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    Hi Natalie. I'm new here too and have been gravitating toward developing websites for over a year now. I took a formal Dreamweaver course a few years ago and had basic HTML skills. Recently, I've been using www.lynda.com. That's where I learned how to use Wordpress, Photoshop, Joomla and a few other courses. They are online courses that you take at your own pace. Each course is rated as to its difficulty, i.e., beginner, advanced, etc. I'm not sure if anyone else here has an opinion on this site but for $30 a month, it's been worth it's weight in gold for me. Hope this helps.

  8. #7
    WDF Staff AlphaMare's Avatar
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    Lynda.com is a good resource, and $30 a month is a lot less expensive than any college courses offered around here (Montreal). It's also more up-to-date than any of the college courses being taught in schools here.

    A suggestion: if you can afford it, get a second monitor and set it up so your desktop spreads across both. That way you can have the video open in one, and the application or code you are working on in another, and follow along without having to switch windows.

    And when you get to really coding websites, you'll find it very useful to have your code editor in one and the browsers you are testing on in another - using WAMP (or if you're not running Windows, LAMP or MAMP) you can see the changes as you make them, and this really speeds the process up, not to mention that uploading the finished site once instead of re-uploading page after page as you make changes will save you considerable amounts of bandwidth.
    Good design should never say "Look at me!"
    It should say "Look at this." ~ David Craib


    http://digitalinsite.ca ~ my current site . . info@digitalinsite.ca ~ my email

    If you feel that someone's post helped you fix your problem, answered your question, or just made you feel better, feel free to "Like" their post. The "Like" link is at the bottom right of each post, along side the "reply" link. And if you are being helped here, try to help someone else - pass it on!

  9. #8
    Senior Member DanExcell's Avatar
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    Quote Originally Posted by Alanna Baxter, post: 220938
    Hi Natalie. I'm new here too and have been gravitating toward developing websites for over a year now. I took a formal Dreamweaver course a few years ago and had basic HTML skills. Recently, I've been using www.lynda.com. That's where I learned how to use Wordpress, Photoshop, Joomla and a few other courses. They are online courses that you take at your own pace. Each course is rated as to its difficulty, i.e., beginner, advanced, etc. I'm not sure if anyone else here has an opinion on this site but for $30 a month, it's been worth it's weight in gold for me. Hope this helps.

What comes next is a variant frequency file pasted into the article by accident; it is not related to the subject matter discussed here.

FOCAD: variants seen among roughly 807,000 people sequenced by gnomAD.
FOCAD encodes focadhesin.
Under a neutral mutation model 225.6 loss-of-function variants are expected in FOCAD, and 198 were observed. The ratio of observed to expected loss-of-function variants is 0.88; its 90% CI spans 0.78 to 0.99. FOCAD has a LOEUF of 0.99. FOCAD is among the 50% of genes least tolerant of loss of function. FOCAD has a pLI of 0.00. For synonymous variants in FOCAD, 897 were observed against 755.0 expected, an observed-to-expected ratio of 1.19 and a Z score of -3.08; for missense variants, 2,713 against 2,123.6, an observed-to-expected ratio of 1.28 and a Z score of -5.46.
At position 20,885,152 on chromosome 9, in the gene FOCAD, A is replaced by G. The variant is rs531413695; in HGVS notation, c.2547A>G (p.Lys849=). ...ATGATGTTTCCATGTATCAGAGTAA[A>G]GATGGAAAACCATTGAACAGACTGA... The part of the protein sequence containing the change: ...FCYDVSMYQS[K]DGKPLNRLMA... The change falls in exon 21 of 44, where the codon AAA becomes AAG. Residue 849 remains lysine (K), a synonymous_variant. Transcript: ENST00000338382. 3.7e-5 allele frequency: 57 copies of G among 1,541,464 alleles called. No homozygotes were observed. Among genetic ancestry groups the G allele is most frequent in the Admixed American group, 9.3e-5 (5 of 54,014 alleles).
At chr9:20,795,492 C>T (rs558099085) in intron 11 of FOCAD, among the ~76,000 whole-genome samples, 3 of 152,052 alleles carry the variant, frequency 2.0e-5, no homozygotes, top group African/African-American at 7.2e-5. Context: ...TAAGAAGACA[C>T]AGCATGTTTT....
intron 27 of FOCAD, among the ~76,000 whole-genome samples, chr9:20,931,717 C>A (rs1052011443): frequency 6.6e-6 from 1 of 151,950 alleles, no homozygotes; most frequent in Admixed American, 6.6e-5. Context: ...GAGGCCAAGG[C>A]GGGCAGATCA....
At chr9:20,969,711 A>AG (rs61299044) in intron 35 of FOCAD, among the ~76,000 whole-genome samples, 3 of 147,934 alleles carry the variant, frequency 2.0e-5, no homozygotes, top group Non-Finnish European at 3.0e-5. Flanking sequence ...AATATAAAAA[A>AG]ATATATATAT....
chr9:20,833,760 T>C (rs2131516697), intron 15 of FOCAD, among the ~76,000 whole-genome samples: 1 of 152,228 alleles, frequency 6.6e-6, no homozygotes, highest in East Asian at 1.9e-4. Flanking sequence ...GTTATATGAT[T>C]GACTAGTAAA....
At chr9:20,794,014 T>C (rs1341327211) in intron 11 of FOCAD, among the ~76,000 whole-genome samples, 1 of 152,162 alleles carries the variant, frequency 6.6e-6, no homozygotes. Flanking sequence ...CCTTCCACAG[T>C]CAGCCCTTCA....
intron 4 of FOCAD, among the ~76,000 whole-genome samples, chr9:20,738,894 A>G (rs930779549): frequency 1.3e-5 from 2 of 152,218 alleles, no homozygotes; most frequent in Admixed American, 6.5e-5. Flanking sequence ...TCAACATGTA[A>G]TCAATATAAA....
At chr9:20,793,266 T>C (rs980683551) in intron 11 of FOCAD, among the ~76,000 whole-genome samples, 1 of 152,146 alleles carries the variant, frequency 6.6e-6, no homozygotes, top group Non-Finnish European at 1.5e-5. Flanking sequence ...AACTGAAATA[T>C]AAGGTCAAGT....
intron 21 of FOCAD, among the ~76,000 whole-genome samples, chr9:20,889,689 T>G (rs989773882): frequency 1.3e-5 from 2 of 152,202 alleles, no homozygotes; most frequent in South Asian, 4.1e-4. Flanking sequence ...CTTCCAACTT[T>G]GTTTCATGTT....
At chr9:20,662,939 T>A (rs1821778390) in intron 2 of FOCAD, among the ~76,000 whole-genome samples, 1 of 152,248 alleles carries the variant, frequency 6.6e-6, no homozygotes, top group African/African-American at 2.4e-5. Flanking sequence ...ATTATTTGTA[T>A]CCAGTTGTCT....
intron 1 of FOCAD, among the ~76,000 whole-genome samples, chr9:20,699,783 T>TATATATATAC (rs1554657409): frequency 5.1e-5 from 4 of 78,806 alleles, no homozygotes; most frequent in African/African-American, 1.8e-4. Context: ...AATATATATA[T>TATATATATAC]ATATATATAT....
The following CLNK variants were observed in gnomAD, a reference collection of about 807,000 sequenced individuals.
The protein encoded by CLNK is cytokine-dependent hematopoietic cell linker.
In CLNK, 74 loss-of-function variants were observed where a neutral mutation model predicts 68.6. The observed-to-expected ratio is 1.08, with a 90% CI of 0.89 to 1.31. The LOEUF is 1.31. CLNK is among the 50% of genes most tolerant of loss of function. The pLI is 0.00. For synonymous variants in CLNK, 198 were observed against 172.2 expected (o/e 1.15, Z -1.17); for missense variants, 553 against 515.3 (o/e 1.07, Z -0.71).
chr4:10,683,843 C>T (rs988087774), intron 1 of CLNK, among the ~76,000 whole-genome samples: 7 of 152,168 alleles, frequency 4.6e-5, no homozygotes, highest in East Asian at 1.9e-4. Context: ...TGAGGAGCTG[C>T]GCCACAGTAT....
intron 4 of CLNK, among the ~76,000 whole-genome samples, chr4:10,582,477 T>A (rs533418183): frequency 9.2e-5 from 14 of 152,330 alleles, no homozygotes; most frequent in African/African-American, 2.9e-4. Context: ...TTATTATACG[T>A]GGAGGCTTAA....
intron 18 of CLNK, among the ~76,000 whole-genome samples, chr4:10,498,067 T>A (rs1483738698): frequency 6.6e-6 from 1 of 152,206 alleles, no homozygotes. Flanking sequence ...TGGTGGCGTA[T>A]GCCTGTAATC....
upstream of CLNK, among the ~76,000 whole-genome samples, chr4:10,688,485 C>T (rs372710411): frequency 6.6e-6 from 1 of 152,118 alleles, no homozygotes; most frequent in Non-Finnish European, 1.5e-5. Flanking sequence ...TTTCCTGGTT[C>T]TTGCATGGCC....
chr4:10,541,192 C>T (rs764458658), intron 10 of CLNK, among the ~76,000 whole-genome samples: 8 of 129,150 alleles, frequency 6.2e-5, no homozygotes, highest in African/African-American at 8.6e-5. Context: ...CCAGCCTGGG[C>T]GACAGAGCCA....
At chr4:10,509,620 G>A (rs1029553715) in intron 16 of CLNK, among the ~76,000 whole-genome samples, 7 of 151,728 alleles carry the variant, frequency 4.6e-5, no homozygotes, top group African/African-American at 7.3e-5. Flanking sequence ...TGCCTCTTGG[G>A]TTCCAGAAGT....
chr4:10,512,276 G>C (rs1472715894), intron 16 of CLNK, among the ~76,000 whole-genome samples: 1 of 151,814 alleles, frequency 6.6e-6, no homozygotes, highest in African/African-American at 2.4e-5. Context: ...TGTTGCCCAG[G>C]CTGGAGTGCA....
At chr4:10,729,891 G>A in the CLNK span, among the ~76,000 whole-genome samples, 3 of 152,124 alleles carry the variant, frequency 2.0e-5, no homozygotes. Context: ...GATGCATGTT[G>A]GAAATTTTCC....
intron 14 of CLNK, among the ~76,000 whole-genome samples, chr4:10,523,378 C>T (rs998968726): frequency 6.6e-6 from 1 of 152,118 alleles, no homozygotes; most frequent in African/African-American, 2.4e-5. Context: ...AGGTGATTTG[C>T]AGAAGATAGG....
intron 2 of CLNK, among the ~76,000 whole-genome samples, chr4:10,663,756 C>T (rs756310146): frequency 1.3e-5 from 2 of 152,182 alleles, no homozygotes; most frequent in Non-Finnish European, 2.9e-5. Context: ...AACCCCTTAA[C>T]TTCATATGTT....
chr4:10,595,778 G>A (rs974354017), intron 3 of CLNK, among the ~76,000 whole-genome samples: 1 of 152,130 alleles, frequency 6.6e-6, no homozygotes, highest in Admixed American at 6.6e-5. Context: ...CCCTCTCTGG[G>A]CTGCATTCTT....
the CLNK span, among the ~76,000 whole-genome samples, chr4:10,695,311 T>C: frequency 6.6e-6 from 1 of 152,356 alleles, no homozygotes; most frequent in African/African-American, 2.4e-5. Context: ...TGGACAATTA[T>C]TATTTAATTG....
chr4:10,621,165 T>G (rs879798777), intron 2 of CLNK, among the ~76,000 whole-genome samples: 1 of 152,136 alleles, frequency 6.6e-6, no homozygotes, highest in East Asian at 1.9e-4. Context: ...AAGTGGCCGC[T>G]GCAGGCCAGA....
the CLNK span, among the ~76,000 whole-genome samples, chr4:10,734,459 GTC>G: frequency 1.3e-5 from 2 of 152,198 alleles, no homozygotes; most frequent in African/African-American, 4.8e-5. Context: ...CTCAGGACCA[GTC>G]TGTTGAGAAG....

Same here, forget paying $1200 for a three day crash course on something you can learn from a book or lynda.com. A few years back I had a rotating account, and it helped a great deal.
    I have gotten into the habit of not judging other designers/developers work, but this is my Microsoft Meandering time so I'm MEANDERING...

    Oh, almost forgot: spammers are gender-less parasites...

  10. #9
    Senior Member DanExcell's Avatar
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    Quote Originally Posted by kingn02, post: 220782
    Hi All,

    Hoping you can help, I am interested in learning how to design web sites as an add on skills to my current marketing skills. I work for a web development company but we lack the skills of a web designer and I have a natural interest in this area.

    I have come across these two courses (shown below) and would be really interested to know which route I should take, I am a complete beginner and only know basic html. Is there a better tool out of the two below and what would be the advantages of each? I would really like to hear from some experts!

    Any advice would be a god send.

    Thank you in advance!

    Natalie

    http://training.gbdirect.co.uk/cours...using-microsof
    t-expression-web.html
    Web Site Authoring using Microsoft Expression Web - A 2 Day Course London 895 (+VAT)
    12 Dec 2011

    http://training.gbdirect.co.uk/cours...using-dreamwea
    ver-cs.html
    Web Site Authoring using Dreamweaver CS - A 2 Day Course There are not dates scheduled for this course.
    I cannot tell you much about expression-web. I use DW CS5.5 now and a few other tools like Komodo6 and notepad++. I started off with DW8 (Macromedia) and still have it lurking somewhere on my system. Truthfully, I use to think DW was not a good tool and hated on it like several other people do. Since the emergence of HTML5 and CSS3, I use DW for almost everything now. The WYSIWYG features are there, but you are not obligated to use them. They do come it handy for testing your work or creating additional stylesheets for tablets and phones. The content you design or develop with DW will upload and work on any server. MS based products require additional maintenance just to get it on a virtual server.
    I have gotten into the habit of not judging other designers/developers work, but this is my Microsoft Meandering time so I'm MEANDERING...

    Oh, almost forgot: spammers are gender-less parasites...

  11. #10
    Senior Member Alanna Baxter's Avatar
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    The other nice thing about www.lynda.com is that if you want to pay a little more each month then you can also get the exercise files which are great. Most courses also provide transcripts of the course as well. These are not accredited courses and the site makes that very clear. But it's a great way to take a test drive before you make a huge monetary commitment. I'd post my affiliate link here but because I'm so new, I feel it would be in bad taste! Plus, I'm not sure what the forum policy is on posting affiliate links.

    Good luck with your training!